August 24, 2007
Friday Frank: Peaches En Regalia; SNL, 1976
By Deborah Newell Tornello a.k.a. litbrit
I don't know about you, but after a week of getting up at 5:30 am, packing lunches and wrestling with three boys who are loathe to give up their summer sleep-ins, I am utterly wiped-out this morning. So here's a little selfishly-motivated something to get the old blood flowing--there will be plenty of time for the relaxing stuff later today.
FZ said Peaches En Regalia was one of his favorite pieces. Mine, too. Tearing up the drums is brilliant Terry Bozzio,
whose audition for Mr. Zappa was reportedly so over-the-top stunning,
the remaining dummers who'd been waiting in line turned around and
I'm uncertain as to the year (and place) this was performed From SNL's December 11th, 1976 episode-- help me out thanks, Darkblack and kingmob.
Bon Weekend, everyone.
Starting school before Labor Day should be abolished. It's just wrong for all concerned.
Wasn't Terry Bozzio the founder of "Missing Persons" quintessential 80s synth band?
Posted by: Klein's Tiny Left Nut | Aug 24, 2007 9:31:33 AM
I saw Dweezil and the Zappa Plays Zappa band last night at the Wiltern in LA and they played Peaches (along with a host of other great pieces including The Illinois Enema Bandit and G-Spot Tornado). Ray White sang and sounded great.
If you get a chance, go see ZPZ. They give the music the respect it deserves. They're damn good at it too.
Yes, Terry Bozzio founded Missing Persons along with other Zappa alumni (and wife at the time (Dale Bozzio), Warren Cuccurullo on guitar and later Patrick O'Hearn on bass.
Posted by: gonzoknife | Aug 24, 2007 10:26:11 AM
It's from 1976:
Posted by: kingmob | Aug 24, 2007 10:29:51 AM
Phish used to cover this song, too.
Posted by: Elvis Elvisberg | Aug 24, 2007 10:31:52 AM
Bozzio is also a member, believe it or not, of Bozzio Levin Stevens, whose first album, Black Light Syndrome, is rather good.
Posted by: Ben | Aug 24, 2007 10:54:21 AM
I can remember when this originally aired on SNL. I was a kid on a sleepover at my friend's little lake house, and my friend's parents gave us permission to stay up and watch SNL. It was probably the first time I actually heard Zappa's music. I was kind of a geek kid who took music lessons real early and I knew a little bit about orchestral music and such, and I was really impressed that Zappa seemed to be able to make orchestral concepts work in a wacky looking rock band. Plus it was really clever and funny.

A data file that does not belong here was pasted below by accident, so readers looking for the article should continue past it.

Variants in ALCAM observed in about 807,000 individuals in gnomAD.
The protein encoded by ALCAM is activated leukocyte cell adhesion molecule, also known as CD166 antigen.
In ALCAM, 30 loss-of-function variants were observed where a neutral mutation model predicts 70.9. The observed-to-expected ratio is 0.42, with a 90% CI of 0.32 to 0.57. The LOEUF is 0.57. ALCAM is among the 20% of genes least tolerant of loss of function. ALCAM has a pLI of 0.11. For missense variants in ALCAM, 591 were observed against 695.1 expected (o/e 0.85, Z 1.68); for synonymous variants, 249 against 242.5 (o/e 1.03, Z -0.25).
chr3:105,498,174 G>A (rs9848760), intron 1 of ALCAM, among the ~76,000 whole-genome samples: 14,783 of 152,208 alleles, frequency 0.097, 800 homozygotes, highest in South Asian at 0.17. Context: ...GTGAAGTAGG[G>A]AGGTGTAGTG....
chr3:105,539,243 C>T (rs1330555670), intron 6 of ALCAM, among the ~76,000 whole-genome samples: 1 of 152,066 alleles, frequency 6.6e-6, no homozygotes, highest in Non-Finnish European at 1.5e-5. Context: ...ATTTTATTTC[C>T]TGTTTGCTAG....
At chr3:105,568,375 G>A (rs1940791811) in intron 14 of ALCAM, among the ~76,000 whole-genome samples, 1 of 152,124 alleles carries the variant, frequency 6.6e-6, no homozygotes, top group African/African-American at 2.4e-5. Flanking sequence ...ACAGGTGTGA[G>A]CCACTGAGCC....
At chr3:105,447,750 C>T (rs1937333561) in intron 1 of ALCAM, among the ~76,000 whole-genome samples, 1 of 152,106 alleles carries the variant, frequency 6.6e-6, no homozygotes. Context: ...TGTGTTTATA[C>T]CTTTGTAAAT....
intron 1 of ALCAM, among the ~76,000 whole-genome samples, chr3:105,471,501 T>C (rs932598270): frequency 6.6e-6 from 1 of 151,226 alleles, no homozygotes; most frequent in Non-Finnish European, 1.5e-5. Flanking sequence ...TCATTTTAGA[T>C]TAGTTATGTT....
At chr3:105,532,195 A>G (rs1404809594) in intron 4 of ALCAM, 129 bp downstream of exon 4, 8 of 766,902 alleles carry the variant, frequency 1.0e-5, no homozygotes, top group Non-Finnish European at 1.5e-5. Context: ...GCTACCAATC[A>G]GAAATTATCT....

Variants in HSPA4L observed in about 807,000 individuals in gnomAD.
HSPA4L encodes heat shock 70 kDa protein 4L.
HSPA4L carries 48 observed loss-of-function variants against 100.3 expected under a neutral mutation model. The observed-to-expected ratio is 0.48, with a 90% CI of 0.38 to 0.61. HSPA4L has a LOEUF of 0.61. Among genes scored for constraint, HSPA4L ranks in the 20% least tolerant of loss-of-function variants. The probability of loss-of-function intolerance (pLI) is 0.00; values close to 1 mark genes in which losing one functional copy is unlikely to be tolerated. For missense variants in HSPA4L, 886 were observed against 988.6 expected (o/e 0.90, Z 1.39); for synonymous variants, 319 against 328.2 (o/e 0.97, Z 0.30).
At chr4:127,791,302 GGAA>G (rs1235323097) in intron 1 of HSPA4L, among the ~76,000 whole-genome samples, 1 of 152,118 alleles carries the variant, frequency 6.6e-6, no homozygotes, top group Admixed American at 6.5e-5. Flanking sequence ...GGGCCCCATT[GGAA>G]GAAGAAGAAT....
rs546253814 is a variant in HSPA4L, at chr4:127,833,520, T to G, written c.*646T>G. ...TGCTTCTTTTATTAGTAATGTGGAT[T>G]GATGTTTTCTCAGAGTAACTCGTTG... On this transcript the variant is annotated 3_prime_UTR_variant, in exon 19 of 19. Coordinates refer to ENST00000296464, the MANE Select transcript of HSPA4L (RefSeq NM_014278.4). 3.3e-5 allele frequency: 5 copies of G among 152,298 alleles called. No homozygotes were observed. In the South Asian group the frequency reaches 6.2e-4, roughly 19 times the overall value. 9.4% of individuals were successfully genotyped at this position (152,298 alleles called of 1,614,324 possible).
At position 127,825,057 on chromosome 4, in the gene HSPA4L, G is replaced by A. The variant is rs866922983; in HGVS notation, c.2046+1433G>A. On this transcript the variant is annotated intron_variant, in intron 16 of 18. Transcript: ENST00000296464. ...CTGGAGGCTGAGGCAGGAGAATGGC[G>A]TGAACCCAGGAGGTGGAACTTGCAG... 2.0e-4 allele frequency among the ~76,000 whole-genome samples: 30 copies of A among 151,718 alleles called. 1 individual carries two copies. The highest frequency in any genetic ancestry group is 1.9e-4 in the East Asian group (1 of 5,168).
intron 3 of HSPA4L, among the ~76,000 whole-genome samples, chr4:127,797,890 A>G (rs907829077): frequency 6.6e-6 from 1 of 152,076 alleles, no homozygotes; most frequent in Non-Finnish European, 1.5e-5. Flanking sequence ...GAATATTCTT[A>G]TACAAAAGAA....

Posted by: chowchowchow | Aug 24, 2007 11:14:38 AM
It's not too late to catch the last 1/2 hour of Stephanie Miller this morning -- it's a "celebration" of 70's earworms.
Posted by: jerry | Aug 24, 2007 11:26:51 AM
gonzoknife, I posted Zappa Plays Zappa playing Zombie Woof last month, and you're right: serious chops all around. Napoleon Murphy Brock and Steve Vai are with Dweezil for that one; it's just wonderful. I hope they come to the Tampa area soon (making a mental note to check online).
chowchowchow, the classical/orchestral concepts were what first attracted me to FZ's music. We are extremely fortunate to have a wonderful cover band, called Bogus Pomp, in our area (St. Pete); they are so good, a number of musicians who played with Frank have come down and joined them for shows. They played a number of pieces from Yellow Shark with the Florida Orchestra back in 1999, with Gail Zappa's blessing. I never got to see FZ live, so this was the next best thing. Utterly memorable evening.
KTLN, I totally agree. Going to school in this heat is heinous. The reason for the early start in this state is that most, if not all, schools follow the public school calendar, and they start really early so as to squeeze in all the FCAT testing before Christmas (that's a standardized test to which teachers have to teach, sadly; it's one of Jeb Bush's legacies--thanks, Jeb! Not.) They reasoned that breaking up the testing with a two-week vacation at Christmas would mean lower scores. My sister and a number of other public school teachers I know think the tests are stressful and pointless, not to mention soul-draining and creativity-killing.
Posted by: litbrit | Aug 24, 2007 12:48:43 PM
Side note: Zappa was apparently a real domineering ass that week on SNL. He was never invited back, and the whole cast made a point to not stand near him at the end of the show.
But a brilliant if eccentric musician nonetheless.
Posted by: mike in dc | Aug 24, 2007 1:15:41 PM
My younger sister teaches in Massachusetts, where they have a similar testing regimen that she too feels is a travesty.
I thoroughly enjoy the fact that in Virginia the tests are called the Standards of Learning and are universally known as the SOLs.
Posted by: Klein's Tiny Left Nut | Aug 24, 2007 1:22:27 PM
Further proof that it's possible for a room full of great musicians to play the life right out of a song.
Sorry, gang. More notes does not equal better music. Unless you're easily impressed.
Posted by: Guh? | Aug 24, 2007 2:40:22 PM
Ah, I definitely wouldn't describe Zappa fans as easily impressed, but the beauty of music in all its shapes and forms is that there's something for everyone, no?
Posted by: litbrit | Aug 24, 2007 8:26:16 PM
No, litbrit, I think Guh? has it right, and we should all stop liking this song. Too many notes. Good work, Guh?! You convinced us all.
Posted by: Elvis Elvisberg | Aug 25, 2007 7:07:52 AM
Methinks it's time to bring out the Sno-cones...
Posted by: litbrit | Aug 25, 2007 10:06:31 AM
Posted by: judy | Oct 11, 2007 7:19:37 AM
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